Limitation of Liability Learn How This Act Could Impact Your Case

Houston Limitation of Liability Act Claim

Injured on an Offshore Vessel? We Represent Injured Workers Nationwide.

Maritime law states that the owner of a vessel may be subject to liability for any losses or damages that happen during the voyage. However, many ship owners attempt to avoid responsibility for accidents and deaths that occur on their vessel under the Limitation of Liability Act. This allows owners in certain cases to limit liability if the unseaworthy condition of the vessel causing the loss occurred without the knowledge or privity of the owner. The act covers personal injury losses such as deaths and collisions, as well as cargo losses like loss of property, goods, or merchandise.

Injured seamen soon realize the importance that this act plays in determining the amount and availability of compensation available because the liability is limited to the value of the vessel and its "freight then pending" after the time the loss occurred. This might mean that an offshore worker who has suffered injury or property loss will not be fully covered in their claims for damages. For this reason, the act has been increasingly criticized for being obsolete in the face of newer methods that make it easier to invest in maritime commerce without the fear of unlimited liability. Regardless, the act still plays a dominating role in determining the amount of compensation that an offshore worker can receive.

At Arnold & Itkin, our offshore injury attorneys can provide you with the necessary legal knowledge needed to file a claim.

How the Act Will Affect Pending Litigation

A limitation action involves a stay of all other pending litigation and also a consolidation, or "concursus," of all claims into one proceeding. This is done to gather the assets and prioritize the claims in the case that the value of the vessel and its freight are not adequate to cover the claims for compensation. If the shipowner succeeds in limiting liability, the claimants will be limited to their pro rata shares, a proportion of compensation that has been calculated by several determining factors. This is concerning, especially for the families who are dependent on the worker's salary.

Why Does the Limitation of Liability Act Exist?

The Limitation of Liability Act was initially created to protect ship owners. The act was fashioned in a historical period where the shipping and maritime industries were much more lethal than they are today. As the fatality rate of the maritime industry was high, legislatures feared that lawsuits would hamstring the American shipbuilding and shipping industries. Trade is a vital part of any nation, and lawmakers feared that intercontinental trade would become hampered if ship owners could be exorbitantly sued under the Jones Act.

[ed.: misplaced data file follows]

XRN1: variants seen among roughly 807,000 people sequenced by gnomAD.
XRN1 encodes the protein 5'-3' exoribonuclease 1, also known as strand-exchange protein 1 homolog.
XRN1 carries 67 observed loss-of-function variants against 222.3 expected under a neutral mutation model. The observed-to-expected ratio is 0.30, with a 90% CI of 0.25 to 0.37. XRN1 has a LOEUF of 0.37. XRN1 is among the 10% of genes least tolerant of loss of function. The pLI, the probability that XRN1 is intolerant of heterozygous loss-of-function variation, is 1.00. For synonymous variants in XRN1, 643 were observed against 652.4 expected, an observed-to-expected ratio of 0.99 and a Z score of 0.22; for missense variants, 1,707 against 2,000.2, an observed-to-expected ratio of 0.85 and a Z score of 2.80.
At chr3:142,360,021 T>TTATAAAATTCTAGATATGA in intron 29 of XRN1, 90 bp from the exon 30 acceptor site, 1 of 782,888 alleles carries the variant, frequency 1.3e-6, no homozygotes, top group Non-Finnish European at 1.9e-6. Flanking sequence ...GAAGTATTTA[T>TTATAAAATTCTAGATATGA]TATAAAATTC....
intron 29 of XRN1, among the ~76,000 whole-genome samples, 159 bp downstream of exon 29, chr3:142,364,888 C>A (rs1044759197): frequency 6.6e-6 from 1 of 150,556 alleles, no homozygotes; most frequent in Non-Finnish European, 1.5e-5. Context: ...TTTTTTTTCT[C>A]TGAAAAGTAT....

To close the gap on the high risk of a lawsuit that ship owners carried, the Limitation of Liability Act was created. A shipowner could be sued under the Jones Act, but in certain cases, the Limitation of Liability Act would be put in effect. Under the Limitation of Liability Act, the shipowner could pay off their Jones Act lawsuit with the value of their ship. This allowed ship owners to lose only their ship and nothing else.

This act was virtually a “nation before individual” law.

The American nation needed ships to function appropriately, but individuals deserved compensation if they or their loved one was injured on a ship. Individuals wanted to take shipowners for as much as they could under the Jones Act, which made ship owning a “high-risk” business endeavor. So the U.S. created this law to help shipowners be more at ease about owning their ship at the sacrifice of ship workers and families who needed money after a Jones Act incident. While a "necessary evil" back then, this law is arguably outdated in the markets and laws of today.

Talk to Arnold & Itkin LLP About How Our Lawyers Can Help: (888) 493-1629

Our years of experience has given us an in-depth understanding of the Limitation of Liability Act and how it plays out in real life situations. As a result, we know how it will apply in your scenario and when a shipowner may attempt to limit their legal accountability after an offshore accident. We can help prove the owner of your vessel had full or partial knowledge of the unsafe working conditions that caused your accident. Without this proof, your chance for recovery shrinks and may be inadequate to cover your losses, especially if multiple claimants are involved.

Make the right decision for your future. Contact a professional attorney today to start receiving the strong legal support you need to win the maximum amount of compensation in your offshore injury claim.

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